New reconstructions of part of the prehistoric settlement appeared absolutely in right time, because 30 years old reconstructions complex became used and did danger to visitors. Architectural project of new reconstructions was based on former experience, it means two rows of huts follow the old layout, but with better executed interior, and the only visible change is recognized in the entrance tower shape, but generally this popular icon of Polish culture has not lost its known image. Oak and pine timber, preserved by pitch and tar, was used for building purposes and most of building activity was realized by ancient building techniques with use of replicas of prehistoric tools. Recently the reconstructions complex is safe to visitors and able to serve with didactic, popular scientific, experimental archaeology and exhibition activity.
Modernization of museum pavilion and communication routes was a great challenge. We made our mind to enlarge the seasonal exhibition area up to 300 square meters as well as to add some rooms for storage and technicians activity. The roof of the pavilion has been completely changed from a flat one to two-sloped, covered by lake reed of 1200 square meters space. Wooden planks were used for covering a part of the pavilion inner and outer walls. Communication routes, especially between the museum pavilion and conservation lab, are hardened well to be convenient also for disabled persons. Finishing and accomplishing of new conservation laboratory, settled close to the Museum parking place, made a proper possibilities for conservation activity, and there is extra addition - guest rooms and new conference hall. It is worth to mention that new conservation laboratory is a part of big complex consisting artifacts store-room occupying an independent building, another building with guest rooms and workshops, and another unit with vacuum method basins for conservation purposes and ecological central heating station.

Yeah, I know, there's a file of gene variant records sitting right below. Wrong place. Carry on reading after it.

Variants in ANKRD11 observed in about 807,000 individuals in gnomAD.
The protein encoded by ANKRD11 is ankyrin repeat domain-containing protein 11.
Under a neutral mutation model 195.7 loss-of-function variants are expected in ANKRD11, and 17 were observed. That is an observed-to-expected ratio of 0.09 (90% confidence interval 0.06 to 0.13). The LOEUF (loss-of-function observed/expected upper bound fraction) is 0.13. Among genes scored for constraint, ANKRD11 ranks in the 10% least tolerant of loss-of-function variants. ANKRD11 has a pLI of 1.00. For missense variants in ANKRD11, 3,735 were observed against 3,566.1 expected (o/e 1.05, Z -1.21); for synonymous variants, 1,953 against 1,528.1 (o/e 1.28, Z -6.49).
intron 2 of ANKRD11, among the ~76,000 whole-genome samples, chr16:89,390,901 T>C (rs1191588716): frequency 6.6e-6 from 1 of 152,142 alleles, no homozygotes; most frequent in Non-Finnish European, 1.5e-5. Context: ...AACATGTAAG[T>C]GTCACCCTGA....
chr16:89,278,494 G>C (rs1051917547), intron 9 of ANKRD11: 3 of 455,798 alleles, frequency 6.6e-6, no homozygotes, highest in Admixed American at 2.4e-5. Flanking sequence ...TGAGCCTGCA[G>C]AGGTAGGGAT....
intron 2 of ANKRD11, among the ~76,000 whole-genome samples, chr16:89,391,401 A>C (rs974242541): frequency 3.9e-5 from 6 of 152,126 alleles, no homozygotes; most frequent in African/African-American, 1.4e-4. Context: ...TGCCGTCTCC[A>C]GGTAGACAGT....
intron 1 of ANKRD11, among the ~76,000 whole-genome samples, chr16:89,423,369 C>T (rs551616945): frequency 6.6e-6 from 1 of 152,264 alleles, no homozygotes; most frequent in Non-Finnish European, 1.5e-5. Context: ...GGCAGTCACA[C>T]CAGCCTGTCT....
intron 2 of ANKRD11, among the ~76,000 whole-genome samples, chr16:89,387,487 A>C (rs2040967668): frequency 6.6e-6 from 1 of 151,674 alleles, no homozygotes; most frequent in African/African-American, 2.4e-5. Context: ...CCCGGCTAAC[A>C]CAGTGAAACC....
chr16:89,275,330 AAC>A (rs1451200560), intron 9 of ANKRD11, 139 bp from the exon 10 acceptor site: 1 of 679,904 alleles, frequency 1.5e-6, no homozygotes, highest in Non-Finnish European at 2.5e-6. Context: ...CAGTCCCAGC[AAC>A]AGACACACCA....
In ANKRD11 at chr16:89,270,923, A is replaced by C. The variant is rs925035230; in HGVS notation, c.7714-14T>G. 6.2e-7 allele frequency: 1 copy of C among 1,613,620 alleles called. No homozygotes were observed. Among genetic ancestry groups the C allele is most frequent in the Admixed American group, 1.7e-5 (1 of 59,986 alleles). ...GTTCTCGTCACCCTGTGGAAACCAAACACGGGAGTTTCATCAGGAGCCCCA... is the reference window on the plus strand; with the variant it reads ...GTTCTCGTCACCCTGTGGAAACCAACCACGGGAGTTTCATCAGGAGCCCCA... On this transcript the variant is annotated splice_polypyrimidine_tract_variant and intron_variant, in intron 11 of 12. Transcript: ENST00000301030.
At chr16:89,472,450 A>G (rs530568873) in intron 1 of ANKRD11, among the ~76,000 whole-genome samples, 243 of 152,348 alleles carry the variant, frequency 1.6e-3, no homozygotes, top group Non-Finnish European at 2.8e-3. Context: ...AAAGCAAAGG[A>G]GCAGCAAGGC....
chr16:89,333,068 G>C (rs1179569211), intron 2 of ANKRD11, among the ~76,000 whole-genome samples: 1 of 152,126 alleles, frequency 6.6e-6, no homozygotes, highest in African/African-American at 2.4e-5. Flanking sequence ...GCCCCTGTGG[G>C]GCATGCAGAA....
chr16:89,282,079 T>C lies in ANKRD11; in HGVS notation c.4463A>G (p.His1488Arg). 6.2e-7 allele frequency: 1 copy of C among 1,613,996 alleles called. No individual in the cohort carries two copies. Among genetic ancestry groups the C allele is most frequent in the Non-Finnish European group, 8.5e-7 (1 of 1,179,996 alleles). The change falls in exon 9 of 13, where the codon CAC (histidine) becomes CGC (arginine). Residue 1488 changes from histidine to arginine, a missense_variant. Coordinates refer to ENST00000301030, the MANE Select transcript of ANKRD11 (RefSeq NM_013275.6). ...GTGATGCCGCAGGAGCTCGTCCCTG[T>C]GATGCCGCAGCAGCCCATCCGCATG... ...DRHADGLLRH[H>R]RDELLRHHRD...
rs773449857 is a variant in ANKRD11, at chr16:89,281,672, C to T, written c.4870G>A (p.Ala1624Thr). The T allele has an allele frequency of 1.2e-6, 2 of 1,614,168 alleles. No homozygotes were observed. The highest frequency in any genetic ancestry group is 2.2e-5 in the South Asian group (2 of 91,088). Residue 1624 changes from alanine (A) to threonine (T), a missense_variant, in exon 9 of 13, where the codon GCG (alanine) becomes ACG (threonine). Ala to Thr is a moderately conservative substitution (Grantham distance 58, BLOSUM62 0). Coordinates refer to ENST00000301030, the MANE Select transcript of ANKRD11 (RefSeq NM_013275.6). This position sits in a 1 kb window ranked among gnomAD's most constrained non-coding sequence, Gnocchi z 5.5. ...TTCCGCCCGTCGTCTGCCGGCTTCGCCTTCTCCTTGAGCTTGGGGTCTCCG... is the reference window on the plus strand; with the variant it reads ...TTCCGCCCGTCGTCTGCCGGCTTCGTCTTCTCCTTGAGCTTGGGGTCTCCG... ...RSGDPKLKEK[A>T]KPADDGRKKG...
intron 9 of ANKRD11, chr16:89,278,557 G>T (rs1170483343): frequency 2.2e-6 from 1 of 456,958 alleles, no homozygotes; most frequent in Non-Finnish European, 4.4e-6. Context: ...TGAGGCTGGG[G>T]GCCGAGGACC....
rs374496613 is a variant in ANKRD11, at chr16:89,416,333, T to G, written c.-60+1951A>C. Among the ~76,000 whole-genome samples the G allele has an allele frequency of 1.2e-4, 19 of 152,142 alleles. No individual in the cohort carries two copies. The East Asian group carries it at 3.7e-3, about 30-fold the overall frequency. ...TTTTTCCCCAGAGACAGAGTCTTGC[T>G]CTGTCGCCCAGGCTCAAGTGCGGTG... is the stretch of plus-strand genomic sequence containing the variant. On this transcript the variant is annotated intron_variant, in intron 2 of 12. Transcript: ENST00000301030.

Let us know to sum up the project effects with mention on the monitoring activity, experimental archaeology and green area arrangement.
A unique system has recently been developed for monitoring changes (groundwater levels, oxygen circulation, micro-fauna and funghi) that could affect the ancient timber remains conserved in their waterlogged deposits. Laboratory facilities for wood conservation were upgraded with cutting-edge technology to ensure research progress and continued conservation of the remains, both in situ and indoors. The deteriorating wooden rampart, gate and two rows of huts (dwellings) were thoroughly reconstructed, in line with requirements for visitor safety and disabled access. The exhibition hall was enlarged and fully redesigned in the regional style to accommodate large exhibitions, and fitted with central heating powered by renewable energy. Native tree species were planted on the grounds to reconstruct the original landscape. Finally, experimental archaeology sites were established, thereby encouraging public participation through interactive workshops on stone-tool making, iron smelting, weaving, wood tar and pitch producing, pottery, making bronze ornaments etc. A major contribution to conservation practice, the project has also promoted public awareness and appreciation of the cultural heritage in Biskupin which has been given a new lease of life for the enjoyment of generations to come. Biskupin - with over 70 years old history of research and social activity - ought to brave in modern times with a proper care of ancient legacy.